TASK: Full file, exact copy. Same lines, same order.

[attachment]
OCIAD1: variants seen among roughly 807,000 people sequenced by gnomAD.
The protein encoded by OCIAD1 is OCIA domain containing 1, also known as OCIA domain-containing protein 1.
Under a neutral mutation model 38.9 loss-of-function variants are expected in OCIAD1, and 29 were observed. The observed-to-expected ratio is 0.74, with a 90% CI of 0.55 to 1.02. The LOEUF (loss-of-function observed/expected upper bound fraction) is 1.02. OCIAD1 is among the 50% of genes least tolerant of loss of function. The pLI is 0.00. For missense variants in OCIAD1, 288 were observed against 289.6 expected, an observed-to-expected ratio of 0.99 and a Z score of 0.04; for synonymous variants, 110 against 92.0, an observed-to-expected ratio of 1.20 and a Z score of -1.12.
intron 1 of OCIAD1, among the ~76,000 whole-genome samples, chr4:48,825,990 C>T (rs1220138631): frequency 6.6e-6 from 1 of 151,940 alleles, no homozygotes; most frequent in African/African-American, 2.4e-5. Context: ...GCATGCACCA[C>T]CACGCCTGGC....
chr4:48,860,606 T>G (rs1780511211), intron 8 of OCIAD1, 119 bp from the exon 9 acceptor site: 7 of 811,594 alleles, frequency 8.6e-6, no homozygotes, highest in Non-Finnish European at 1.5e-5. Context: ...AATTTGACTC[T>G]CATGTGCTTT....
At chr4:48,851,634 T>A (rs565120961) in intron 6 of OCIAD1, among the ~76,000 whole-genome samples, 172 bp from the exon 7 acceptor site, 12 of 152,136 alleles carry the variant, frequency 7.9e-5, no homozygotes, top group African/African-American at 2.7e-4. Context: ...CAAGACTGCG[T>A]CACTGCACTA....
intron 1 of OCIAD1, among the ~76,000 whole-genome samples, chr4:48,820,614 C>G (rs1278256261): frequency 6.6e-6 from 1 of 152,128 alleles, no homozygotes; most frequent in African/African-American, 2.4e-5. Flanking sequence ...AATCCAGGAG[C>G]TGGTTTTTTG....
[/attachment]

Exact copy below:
OCIAD1: variants seen among roughly 807,000 people sequenced by gnomAD.
The protein encoded by OCIAD1 is OCIA domain containing 1, also known as OCIA domain-containing protein 1.
Under a neutral mutation model 38.9 loss-of-function variants are expected in OCIAD1, and 29 were observed. The observed-to-expected ratio is 0.74, with a 90% CI of 0.55 to 1.02. The LOEUF (loss-of-function observed/expected upper bound fraction) is 1.02. OCIAD1 is among the 50% of genes least tolerant of loss of function. The pLI is 0.00. For missense variants in OCIAD1, 288 were observed against 289.6 expected, an observed-to-expected ratio of 0.99 and a Z score of 0.04; for synonymous variants, 110 against 92.0, an observed-to-expected ratio of 1.20 and a Z score of -1.12.
intron 1 of OCIAD1, among the ~76,000 whole-genome samples, chr4:48,825,990 C>T (rs1220138631): frequency 6.6e-6 from 1 of 151,940 alleles, no homozygotes; most frequent in African/African-American, 2.4e-5. Context: ...GCATGCACCA[C>T]CACGCCTGGC....
chr4:48,860,606 T>G (rs1780511211), intron 8 of OCIAD1, 119 bp from the exon 9 acceptor site: 7 of 811,594 alleles, frequency 8.6e-6, no homozygotes, highest in Non-Finnish European at 1.5e-5. Context: ...AATTTGACTC[T>G]CATGTGCTTT....
At chr4:48,851,634 T>A (rs565120961) in intron 6 of OCIAD1, among the ~76,000 whole-genome samples, 172 bp from the exon 7 acceptor site, 12 of 152,136 alleles carry the variant, frequency 7.9e-5, no homozygotes, top group African/African-American at 2.7e-4. Context: ...CAAGACTGCG[T>A]CACTGCACTA....
intron 1 of OCIAD1, among the ~76,000 whole-genome samples, chr4:48,820,614 C>G (rs1278256261): frequency 6.6e-6 from 1 of 152,128 alleles, no homozygotes; most frequent in African/African-American, 2.4e-5. Flanking sequence ...AATCCAGGAG[C>G]TGGTTTTTTG....